Workplace incivility has been defined as "low-intensity deviant behavior with ambiguous intent to harm the target. ... Uncivil behaviors are characteristically rude and discourteous, displaying a lack of regard for others." Incivility is distinct from violence. Examples of workplace incivility include insulting comments, denigration of the target's work, spreading false rumors, social isolation, and bad manners. The reduction of workplace incivility is a fertile area for occupational health psychology research.
Surveys on occurrence and effects
A summary of research conducted in Europe suggests that workplace incivility is common there. In research on more than 1000 U.S. civil service workers, Cortina, Magley, Williams, and Langhout (2001) found that more than 70% of the sample experienced workplace incivility in the past five years. Similarly, Laschinger, Leiter, Day, and Gilin found that among 612 staff nurses, 67.5% had experienced incivility from their supervisors and 77.6% had experienced incivility from their coworkers. In addition, they found that low levels of incivility along with low levels of burnout and an empowering work environment were significant predictors of nurses’ experiences of job satisfaction and organizational commitment. Compared to men, women were more exposed to incivility.
Incivility was associated with psychological distress and reduced job satisfaction. After conducting more than six hundred interviews with "employees, mangers, and professionals in varying industries across the United States" and collecting "survey data from an additional sample of more than 1,200 employees, managers, and professionals representing all industrial categories in the United States and Canada", researchers Christine M. Pearson and Chiristine L. Porath wrote in 2004 that "The grand conclusion: incivility does matter. Whether its costs are borne by targets, their colleagues, their organizations, their families, their friends outside work, their customers, witnesses to the interactions, or even the instigators themselves, there is a price to be paid for uncivil encounters among coworkers." Citing previous research (2000) Pearson writes that "more than half the targets waste work time worrying about the incident or planning how to deal with or avert future interactions with the instigator. Nearly 40 percent reduced their commitment to the organization; 20 percent told us that they reduced their work effort intentionally as a result of the incivility, and 10 percent of targets said that they deliberately cut back the amount of time they spent at work."
Examples at the more subtle end of the spectrum include:
- giving somebody a "dirty look"
- asking for input and then ignoring it
- "forgetting" to share credit for a collaborative work
- speaking with a condescending tone
- interrupting others
- not listening
- waiting impatiently over someone's desk to gain their attention
- side conversations during a formal business meeting/presentation
Somewhere between the extremes are numerous everyday examples of workplace rudeness and impropriety such as:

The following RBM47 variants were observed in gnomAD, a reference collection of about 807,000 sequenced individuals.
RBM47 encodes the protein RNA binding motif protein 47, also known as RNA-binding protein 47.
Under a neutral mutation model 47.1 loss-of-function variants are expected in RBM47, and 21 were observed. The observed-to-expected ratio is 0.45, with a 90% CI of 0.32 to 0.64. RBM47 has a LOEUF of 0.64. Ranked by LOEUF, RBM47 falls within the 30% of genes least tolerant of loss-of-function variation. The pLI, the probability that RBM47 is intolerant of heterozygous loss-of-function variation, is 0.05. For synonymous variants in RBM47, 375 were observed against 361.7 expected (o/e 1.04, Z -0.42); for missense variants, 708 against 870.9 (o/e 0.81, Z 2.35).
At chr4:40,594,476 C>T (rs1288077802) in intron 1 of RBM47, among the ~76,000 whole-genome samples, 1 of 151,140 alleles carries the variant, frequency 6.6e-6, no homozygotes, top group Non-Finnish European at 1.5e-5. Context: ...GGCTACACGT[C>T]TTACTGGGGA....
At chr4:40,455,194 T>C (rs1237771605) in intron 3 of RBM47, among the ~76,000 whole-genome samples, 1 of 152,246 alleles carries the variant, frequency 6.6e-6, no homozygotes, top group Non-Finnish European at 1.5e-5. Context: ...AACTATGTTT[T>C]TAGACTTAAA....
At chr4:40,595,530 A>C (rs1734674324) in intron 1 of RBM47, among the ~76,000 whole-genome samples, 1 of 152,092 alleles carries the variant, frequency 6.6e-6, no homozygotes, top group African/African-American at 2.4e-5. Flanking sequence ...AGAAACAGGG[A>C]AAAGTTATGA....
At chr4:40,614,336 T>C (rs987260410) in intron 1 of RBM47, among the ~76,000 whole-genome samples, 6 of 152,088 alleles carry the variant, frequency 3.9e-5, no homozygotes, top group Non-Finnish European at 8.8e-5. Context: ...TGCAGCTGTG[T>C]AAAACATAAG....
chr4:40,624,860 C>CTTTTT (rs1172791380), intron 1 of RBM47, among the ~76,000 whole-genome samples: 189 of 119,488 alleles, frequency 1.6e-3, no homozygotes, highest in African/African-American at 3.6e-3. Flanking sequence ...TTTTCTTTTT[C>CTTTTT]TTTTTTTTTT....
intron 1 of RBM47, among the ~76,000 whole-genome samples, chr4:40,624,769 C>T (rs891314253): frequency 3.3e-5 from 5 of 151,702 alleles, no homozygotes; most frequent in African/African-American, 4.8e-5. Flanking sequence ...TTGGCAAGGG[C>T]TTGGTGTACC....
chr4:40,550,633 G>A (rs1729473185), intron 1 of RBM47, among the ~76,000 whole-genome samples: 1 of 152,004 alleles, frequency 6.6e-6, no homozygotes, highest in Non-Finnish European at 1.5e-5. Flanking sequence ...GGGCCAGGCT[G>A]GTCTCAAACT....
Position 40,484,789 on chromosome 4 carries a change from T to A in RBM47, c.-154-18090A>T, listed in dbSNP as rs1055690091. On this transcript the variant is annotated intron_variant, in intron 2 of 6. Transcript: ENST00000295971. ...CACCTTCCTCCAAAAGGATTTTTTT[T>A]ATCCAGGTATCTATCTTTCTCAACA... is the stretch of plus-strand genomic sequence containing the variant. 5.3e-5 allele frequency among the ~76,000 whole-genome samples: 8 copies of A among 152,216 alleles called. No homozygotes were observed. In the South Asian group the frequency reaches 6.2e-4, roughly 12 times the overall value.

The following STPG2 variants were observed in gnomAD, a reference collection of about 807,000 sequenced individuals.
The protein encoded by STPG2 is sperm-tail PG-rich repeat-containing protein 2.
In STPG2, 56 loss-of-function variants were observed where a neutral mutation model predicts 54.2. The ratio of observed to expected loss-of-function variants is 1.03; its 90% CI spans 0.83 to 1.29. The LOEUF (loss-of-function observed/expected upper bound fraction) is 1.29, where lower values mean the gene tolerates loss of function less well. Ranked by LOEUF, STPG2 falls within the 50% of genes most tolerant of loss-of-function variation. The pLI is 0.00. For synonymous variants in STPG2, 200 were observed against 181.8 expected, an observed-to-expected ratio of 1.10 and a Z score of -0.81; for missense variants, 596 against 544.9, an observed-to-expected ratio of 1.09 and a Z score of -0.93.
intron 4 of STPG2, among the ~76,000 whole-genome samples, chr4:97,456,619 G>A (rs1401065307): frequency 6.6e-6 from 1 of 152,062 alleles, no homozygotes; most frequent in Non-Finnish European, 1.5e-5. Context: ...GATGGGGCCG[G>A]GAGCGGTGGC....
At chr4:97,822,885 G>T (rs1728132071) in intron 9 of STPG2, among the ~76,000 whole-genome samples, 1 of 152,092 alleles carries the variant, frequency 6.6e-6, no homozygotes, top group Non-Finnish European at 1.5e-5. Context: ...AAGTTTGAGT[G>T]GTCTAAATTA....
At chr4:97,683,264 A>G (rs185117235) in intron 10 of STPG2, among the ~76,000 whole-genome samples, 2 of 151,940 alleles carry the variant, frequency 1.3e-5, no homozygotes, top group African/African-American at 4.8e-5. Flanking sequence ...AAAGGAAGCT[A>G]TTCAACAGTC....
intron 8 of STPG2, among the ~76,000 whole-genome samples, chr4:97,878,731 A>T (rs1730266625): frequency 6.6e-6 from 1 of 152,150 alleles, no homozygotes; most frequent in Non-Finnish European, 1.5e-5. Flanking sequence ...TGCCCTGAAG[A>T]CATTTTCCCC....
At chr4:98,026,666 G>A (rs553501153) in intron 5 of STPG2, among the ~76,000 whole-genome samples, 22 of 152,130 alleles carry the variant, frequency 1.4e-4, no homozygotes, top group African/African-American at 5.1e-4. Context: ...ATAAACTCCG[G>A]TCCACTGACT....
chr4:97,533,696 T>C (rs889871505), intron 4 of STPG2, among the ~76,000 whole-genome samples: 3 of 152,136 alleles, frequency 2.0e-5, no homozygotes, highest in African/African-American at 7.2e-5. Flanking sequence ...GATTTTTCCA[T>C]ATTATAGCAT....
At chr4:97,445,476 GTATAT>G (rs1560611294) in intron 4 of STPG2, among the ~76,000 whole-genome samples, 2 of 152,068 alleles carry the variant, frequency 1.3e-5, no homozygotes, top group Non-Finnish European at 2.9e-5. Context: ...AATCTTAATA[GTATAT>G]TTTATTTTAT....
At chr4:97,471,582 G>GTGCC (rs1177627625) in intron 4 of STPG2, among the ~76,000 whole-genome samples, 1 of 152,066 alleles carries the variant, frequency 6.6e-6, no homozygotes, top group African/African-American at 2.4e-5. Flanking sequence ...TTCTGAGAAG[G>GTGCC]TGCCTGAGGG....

- sending a nasty and demeaning note (hate mail)
- talking about someone behind his or her back
- emotional put-downs
- Disrespecting workers by comments, gestures or proven behaviors (hostility) based on characteristics such as their race, religion, gender, etc. This is considered workplace discrimination.
- making accusations about professional competence
- undermining credibility in front of others
- overruling decisions without giving a reason
- disrupting meetings
- giving public reprimands
- giving the silent treatment
- not giving credit where credit is due
- giving dirty looks or other negative eye contact (i.e. "hawk eyes" considered to be threatening in the culture of the United States)
- insulting others
Other overt forms of incivility might include emotional tirades and losing one's temper.
Workplace bullying overlaps to some degree with workplace incivility but tends to encompass more intense and typically repeated acts of disregard and rudeness. Negative spirals of increasing incivility between organizational members can result in bullying, but isolated acts of incivility are not conceptually bullying despite the apparent similarity in their form and content. In case of bullying, the intent of harm is less ambiguous, an unequal balance of power (both formal and informal) is more salient, and the target of bullying feels threatened, vulnerable and unable to defend himself or herself against negative recurring actions.
Anther related notion is petty tyranny, which also involves a lack of consideration towards others, although petty tyranny is more narrowly defined as a profile of leaders and can also involve more severe forms of abuse of power and of authority.
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- ^ a b Cortina, Lilia M.; Magley, Vicki J.; Williams, Jill Hunter; Langhout, Regina Day (2001). "Incivility in the workplace: Incidence and impact". Journal of Occupational Health Psychology 6 (1): 64–80. doi:10.1037/1076-89220.127.116.11. PMID 11199258.
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